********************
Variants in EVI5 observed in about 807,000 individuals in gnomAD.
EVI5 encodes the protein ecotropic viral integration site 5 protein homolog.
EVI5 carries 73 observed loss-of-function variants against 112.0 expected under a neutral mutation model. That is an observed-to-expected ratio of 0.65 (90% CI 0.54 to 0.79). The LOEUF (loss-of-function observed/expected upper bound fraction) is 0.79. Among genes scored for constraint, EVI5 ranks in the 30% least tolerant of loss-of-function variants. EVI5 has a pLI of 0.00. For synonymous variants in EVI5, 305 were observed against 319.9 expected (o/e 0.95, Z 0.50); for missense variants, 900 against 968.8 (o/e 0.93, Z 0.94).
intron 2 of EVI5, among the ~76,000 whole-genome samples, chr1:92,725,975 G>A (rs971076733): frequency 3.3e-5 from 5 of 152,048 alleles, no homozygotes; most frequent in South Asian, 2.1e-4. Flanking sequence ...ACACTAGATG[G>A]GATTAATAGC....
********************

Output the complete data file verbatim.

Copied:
Variants in EVI5 observed in about 807,000 individuals in gnomAD.
EVI5 encodes the protein ecotropic viral integration site 5 protein homolog.
EVI5 carries 73 observed loss-of-function variants against 112.0 expected under a neutral mutation model. That is an observed-to-expected ratio of 0.65 (90% CI 0.54 to 0.79). The LOEUF (loss-of-function observed/expected upper bound fraction) is 0.79. Among genes scored for constraint, EVI5 ranks in the 30% least tolerant of loss-of-function variants. EVI5 has a pLI of 0.00. For synonymous variants in EVI5, 305 were observed against 319.9 expected (o/e 0.95, Z 0.50); for missense variants, 900 against 968.8 (o/e 0.93, Z 0.94).
intron 2 of EVI5, among the ~76,000 whole-genome samples, chr1:92,725,975 G>A (rs971076733): frequency 3.3e-5 from 5 of 152,048 alleles, no homozygotes; most frequent in South Asian, 2.1e-4. Flanking sequence ...ACACTAGATG[G>A]GATTAATAGC....